Leonard Robinson first gained national attention after he was filmed being pulled over by police in 2012 while he was driving his Batmobile in full Batman attire. Before then, however, he was well known for adorning himself in a replica Batman suit in order to visit sick children at nearby hospitals. Reports have indicated that Robinson made his fair share of wealth in the cleaning business and made the decision to purchase over $25,000 worth of Batman shirts, toys, and books that he then gave to the children he was visiting in the hospital. Those who knew Robinson as the man and not just the hero have revered his dedication to bringing smiles to the children who needed it the most. He would frequently visit the Children’s National Medical Center in Washington, and on one visit he took time to reflect on the vast injustices these children were facing every single day. Robinson himself had three healthy children—perhaps a driving factor in his decision to devote so much time to children who weren’t as fortunate.

A Milton, Ma. multi-vehicle collision killed a Mattapan man while injuring three other people on Saturday. Kelly Young was 56.

According to police, the head-on chain-reaction happened when a Boston woman in a Toyota Corolla was rear-ended by a Holbrook man in his vehicle. The impact of the crash sent the man’s auto into oncoming traffic, where it hit Young’s vehicle head on. An 8-year-old girl was among those who were inured.

On Sunday, a deadly Beverly traffic crash claimed the life of a female passenger. The accident happened when the car she was in went through a red light and hit a truck. The driver of the truck was critically injured.

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The National Highway Traffic Safety Administration is reporting a decline in both the number of Massachusetts motor vehicle crash fatalities as well as how many occurred in total in the U.S. According to the figures for 2013, there were 326 traffic deaths in the state last year, which is a decline from the 383 fatalities in 2012. Alcohol was a factor in 118 of the Massachusetts traffic deaths in 2013.

Nationally, the country lost 32,719 people in roadway crashes in 2013. This is also a decrease from the 33,782 traffic deaths from the year previous.

Overall, between 2012 and 2013, the U.S. saw a reduction in deaths and injuries of truck occupants, passenger car occupants, pedestrians, and young drivers, as well as in accidents where alcohol was a factor.

Police from Easthampton, MA are reporting that two individuals were fatally injured while traveling north on their motorcycle. The motorcycle, which had been traveling north, was struck by an oncoming car heading southbound.

According to police reports, 45-year-old James Ainsworth of Springfield, MA crossed the center line on Route 5 yesterday and struck the couple on their bike. News reports indicate that Ainsworth was scheduled to be arraigned this afternoon at the Northwestern district attorney’s office.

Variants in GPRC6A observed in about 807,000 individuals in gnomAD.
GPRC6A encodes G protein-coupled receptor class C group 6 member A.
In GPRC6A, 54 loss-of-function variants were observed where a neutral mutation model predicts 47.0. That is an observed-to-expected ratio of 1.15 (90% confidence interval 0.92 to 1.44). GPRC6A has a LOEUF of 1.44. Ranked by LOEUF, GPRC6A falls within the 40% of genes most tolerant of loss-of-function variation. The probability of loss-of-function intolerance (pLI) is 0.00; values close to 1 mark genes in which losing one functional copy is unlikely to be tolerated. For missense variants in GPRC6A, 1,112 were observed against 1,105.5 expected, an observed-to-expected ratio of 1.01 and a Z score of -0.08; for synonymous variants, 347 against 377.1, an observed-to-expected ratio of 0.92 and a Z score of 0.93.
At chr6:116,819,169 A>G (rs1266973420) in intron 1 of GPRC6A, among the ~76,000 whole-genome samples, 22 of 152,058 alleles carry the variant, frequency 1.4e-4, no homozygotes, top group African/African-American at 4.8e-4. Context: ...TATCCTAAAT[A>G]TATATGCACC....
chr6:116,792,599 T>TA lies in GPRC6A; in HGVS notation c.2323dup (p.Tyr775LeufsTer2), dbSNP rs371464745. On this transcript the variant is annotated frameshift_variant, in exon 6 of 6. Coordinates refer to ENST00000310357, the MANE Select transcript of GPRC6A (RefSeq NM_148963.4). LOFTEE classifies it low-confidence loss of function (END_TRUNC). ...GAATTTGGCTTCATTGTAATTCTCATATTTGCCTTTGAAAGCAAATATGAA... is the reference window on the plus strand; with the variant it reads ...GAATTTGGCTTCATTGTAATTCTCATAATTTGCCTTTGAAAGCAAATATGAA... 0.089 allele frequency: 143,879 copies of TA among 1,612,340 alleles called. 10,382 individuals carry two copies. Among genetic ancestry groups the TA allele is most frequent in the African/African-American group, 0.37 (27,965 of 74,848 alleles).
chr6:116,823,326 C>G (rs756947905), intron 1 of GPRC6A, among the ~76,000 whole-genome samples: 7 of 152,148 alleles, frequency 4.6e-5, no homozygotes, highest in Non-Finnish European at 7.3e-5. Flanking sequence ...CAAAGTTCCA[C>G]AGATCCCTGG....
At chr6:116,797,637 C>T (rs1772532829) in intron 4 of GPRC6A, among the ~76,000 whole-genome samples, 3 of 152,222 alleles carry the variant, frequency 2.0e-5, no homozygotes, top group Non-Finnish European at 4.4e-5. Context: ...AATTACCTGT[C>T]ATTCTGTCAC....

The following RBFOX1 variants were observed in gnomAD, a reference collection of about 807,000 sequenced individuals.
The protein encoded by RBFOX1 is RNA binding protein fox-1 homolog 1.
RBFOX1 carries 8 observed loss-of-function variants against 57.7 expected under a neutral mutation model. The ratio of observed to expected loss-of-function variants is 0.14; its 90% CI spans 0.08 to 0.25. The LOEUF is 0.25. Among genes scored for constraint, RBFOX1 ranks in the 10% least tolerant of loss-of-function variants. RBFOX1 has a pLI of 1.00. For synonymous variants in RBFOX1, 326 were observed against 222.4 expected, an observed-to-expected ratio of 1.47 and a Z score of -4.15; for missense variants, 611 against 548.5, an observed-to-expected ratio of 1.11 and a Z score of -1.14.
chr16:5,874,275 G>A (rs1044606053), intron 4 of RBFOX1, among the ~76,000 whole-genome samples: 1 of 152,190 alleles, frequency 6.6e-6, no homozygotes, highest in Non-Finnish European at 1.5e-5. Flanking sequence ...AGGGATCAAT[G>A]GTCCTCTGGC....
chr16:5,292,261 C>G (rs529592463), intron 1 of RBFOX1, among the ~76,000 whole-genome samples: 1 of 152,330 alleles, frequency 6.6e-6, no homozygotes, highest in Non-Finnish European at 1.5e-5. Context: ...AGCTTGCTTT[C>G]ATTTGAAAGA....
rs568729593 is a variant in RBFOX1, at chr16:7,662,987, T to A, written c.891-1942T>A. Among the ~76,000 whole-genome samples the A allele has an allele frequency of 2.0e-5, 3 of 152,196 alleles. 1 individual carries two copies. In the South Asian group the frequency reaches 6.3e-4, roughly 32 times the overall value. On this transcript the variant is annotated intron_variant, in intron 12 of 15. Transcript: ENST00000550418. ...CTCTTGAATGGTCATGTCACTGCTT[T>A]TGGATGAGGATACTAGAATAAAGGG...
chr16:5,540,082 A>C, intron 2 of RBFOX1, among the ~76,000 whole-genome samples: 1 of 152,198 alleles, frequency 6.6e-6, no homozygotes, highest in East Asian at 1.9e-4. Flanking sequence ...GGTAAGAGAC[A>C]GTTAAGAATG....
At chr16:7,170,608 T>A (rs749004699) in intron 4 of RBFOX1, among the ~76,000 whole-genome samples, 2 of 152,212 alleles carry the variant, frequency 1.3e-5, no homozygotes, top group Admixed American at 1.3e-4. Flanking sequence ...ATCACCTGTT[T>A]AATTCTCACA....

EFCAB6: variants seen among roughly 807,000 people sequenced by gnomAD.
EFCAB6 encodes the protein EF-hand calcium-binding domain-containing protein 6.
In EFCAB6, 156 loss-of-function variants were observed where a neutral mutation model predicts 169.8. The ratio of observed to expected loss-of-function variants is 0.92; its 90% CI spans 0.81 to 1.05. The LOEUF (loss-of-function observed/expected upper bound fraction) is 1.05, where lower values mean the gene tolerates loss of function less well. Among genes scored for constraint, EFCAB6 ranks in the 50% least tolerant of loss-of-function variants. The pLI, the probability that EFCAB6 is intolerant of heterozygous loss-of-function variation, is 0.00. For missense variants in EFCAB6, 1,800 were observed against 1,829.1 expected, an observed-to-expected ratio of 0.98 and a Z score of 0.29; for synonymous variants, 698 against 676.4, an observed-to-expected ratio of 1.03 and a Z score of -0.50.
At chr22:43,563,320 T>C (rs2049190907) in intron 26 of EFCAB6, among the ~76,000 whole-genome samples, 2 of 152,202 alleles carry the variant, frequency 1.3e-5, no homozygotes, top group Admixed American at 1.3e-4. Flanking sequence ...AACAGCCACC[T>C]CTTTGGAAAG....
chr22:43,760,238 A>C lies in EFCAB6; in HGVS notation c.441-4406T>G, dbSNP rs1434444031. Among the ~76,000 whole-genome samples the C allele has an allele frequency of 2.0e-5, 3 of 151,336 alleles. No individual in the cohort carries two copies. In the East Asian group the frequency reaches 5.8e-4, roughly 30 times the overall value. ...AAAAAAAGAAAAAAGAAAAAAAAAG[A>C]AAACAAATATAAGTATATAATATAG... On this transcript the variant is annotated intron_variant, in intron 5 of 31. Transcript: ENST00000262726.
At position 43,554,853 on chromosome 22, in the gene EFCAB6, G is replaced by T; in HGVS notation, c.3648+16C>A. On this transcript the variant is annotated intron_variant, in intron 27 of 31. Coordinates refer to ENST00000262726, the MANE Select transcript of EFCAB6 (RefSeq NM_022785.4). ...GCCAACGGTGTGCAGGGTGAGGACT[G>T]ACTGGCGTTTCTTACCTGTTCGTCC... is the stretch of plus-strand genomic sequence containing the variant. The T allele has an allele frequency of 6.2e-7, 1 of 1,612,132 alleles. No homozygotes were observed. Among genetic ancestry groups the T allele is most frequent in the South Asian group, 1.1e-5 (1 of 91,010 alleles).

MOTORCYCLE ACCIDENTS

The National Highway Traffic Safety Administration reported that approximately 81,000 people were injured and 4,612 were killed in motorcycle accidents in 2011 in the United States; a 2% increase from the number in 2010 and a 41% increase from 2002. Motorcycle accidents make up an estimated 14% of the total number of motor-vehicle crashes in the United States each year. The United States watchdog estimates that per every vehicle mile traveled, motorcyclist and motorcycle passengers are 30 times more likely than passenger car occupants to be killed in an accident, and 5 times more likely to be injured during an accident.
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Despite monumental improvements in vehicle safety, the United States Department of Transportation’s National Highway traffic Safety Administration reports that traffic fatalities increased in 2012 for the first time since 2005. The number of car accident fatalities rose to 33,561, which was 1,082 more than the previous year. Data shows that the large majority of these fatalities occurred in the first quarter of the year and mainly involved motorcycle and pedestrian incidents.

The NHTSA notes that despite the fact that the number of accident-related deaths rose in 2012, “highway deaths over the last five years remain at historic lows.” Even factoring in the small jump in 2012, the fatalities are still consistent with those of the year 1950. Early data analysis from 2013 indicates fatality numbers have fallen once again.

U.S. Transportation Secretary Anthony Foxx released a statement explaining, “Highway deaths claim more than 30,000 lives each year and while we’ve made substantial progress over the past 50 years, it’s clear that we have much more work to do. As we look to the future, we must focus our efforts to tackle persistent and emerging issues that threaten the safety of motorists, cyclists and pedestrians across the nation.”